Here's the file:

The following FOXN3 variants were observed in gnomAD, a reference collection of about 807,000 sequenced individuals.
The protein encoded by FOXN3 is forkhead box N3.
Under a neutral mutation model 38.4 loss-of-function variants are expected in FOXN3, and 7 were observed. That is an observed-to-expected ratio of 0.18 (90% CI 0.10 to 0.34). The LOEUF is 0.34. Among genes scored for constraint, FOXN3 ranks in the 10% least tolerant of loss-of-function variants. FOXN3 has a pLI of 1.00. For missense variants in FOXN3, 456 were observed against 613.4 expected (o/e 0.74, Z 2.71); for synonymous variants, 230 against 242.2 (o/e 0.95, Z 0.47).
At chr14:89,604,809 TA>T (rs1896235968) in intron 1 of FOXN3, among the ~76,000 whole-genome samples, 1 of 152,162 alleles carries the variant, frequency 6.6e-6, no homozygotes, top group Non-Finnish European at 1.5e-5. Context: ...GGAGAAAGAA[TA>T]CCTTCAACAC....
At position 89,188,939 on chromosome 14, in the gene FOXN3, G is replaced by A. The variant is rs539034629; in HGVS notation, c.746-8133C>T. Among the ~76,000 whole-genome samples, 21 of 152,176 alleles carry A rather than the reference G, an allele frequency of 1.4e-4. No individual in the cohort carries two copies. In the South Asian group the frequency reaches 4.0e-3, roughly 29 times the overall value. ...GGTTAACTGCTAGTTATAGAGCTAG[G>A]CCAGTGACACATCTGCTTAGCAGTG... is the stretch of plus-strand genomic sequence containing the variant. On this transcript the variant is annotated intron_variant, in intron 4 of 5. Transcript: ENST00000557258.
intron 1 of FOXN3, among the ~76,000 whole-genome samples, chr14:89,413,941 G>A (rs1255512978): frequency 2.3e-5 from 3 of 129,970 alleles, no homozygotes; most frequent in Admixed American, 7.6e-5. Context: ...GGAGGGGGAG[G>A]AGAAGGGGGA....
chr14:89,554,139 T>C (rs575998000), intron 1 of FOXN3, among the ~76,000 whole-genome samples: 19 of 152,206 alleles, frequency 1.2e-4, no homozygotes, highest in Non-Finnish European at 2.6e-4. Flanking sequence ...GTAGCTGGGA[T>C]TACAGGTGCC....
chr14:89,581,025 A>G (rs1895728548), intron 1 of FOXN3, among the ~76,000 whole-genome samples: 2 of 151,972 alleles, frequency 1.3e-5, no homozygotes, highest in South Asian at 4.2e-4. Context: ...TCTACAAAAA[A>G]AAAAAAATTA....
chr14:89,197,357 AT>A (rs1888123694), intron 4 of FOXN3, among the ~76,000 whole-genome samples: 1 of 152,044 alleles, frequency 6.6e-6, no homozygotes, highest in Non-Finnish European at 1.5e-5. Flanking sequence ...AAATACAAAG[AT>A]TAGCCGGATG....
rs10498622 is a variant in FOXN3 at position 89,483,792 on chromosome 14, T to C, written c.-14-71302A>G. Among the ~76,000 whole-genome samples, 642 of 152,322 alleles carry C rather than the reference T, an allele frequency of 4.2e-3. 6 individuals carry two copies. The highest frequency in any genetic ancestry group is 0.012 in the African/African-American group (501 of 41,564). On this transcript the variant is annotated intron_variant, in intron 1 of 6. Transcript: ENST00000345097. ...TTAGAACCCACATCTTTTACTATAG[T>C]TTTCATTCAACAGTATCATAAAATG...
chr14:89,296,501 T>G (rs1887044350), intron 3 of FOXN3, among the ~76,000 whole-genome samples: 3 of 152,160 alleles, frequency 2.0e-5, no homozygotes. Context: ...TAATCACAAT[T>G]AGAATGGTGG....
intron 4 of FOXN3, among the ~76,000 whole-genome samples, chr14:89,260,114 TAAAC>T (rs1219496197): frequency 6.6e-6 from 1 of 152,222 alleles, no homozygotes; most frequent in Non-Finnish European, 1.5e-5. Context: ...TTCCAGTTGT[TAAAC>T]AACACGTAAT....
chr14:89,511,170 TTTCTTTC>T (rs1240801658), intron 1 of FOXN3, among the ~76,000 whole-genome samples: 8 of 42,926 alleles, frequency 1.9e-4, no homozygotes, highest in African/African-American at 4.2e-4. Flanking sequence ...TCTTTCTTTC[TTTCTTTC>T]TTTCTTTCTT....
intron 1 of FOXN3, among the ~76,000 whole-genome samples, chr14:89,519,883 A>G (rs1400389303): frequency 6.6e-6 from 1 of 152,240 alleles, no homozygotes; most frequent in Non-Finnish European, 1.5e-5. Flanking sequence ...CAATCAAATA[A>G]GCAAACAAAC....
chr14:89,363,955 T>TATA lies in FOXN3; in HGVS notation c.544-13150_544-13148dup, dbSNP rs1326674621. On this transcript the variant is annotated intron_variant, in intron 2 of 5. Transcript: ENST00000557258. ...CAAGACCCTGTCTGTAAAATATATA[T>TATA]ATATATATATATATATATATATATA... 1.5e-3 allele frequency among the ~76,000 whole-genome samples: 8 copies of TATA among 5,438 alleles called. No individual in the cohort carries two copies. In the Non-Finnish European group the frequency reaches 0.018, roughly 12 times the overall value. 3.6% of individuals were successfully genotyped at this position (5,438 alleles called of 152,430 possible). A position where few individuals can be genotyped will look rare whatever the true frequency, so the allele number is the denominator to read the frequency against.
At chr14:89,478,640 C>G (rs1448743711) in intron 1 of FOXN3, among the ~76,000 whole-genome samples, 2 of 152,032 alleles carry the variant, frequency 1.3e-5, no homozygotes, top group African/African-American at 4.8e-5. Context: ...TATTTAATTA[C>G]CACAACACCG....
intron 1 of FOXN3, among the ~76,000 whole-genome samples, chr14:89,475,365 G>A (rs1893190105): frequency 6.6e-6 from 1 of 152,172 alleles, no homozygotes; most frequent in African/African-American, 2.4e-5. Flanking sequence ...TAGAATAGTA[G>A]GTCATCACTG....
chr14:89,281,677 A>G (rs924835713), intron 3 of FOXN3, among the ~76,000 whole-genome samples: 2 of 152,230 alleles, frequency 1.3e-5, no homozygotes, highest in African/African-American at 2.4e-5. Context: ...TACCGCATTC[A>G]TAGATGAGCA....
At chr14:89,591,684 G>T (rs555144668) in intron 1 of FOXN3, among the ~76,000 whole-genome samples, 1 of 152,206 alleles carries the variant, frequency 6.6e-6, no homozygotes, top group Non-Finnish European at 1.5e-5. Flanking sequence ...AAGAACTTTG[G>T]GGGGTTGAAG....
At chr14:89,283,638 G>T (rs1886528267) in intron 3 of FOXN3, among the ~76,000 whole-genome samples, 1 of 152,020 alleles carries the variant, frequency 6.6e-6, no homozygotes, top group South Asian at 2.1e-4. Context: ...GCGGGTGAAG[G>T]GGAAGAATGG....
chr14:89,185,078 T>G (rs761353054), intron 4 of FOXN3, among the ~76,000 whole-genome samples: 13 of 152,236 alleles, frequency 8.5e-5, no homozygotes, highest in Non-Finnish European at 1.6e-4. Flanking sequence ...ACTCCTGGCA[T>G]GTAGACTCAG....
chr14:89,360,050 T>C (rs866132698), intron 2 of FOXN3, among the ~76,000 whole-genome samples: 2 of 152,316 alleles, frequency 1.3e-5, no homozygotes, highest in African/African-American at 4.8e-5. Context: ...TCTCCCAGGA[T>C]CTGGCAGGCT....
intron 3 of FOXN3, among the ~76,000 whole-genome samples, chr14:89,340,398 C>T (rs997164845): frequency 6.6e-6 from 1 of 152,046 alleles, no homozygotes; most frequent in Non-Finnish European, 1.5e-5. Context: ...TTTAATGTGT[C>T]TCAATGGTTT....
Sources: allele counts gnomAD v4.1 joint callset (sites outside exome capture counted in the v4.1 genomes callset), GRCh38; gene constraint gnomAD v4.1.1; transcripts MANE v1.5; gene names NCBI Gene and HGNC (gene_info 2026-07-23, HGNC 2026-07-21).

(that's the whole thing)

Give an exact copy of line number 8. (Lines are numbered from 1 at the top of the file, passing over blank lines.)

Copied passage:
chr14:89,581,025 A>G (rs1895728548), intron 1 of FOXN3, among the ~76,000 whole-genome samples: 2 of 151,972 alleles, frequency 1.3e-5, no homozygotes, highest in South Asian at 4.2e-4. Context: ...TCTACAAAAA[A>G]AAAAAAATTA....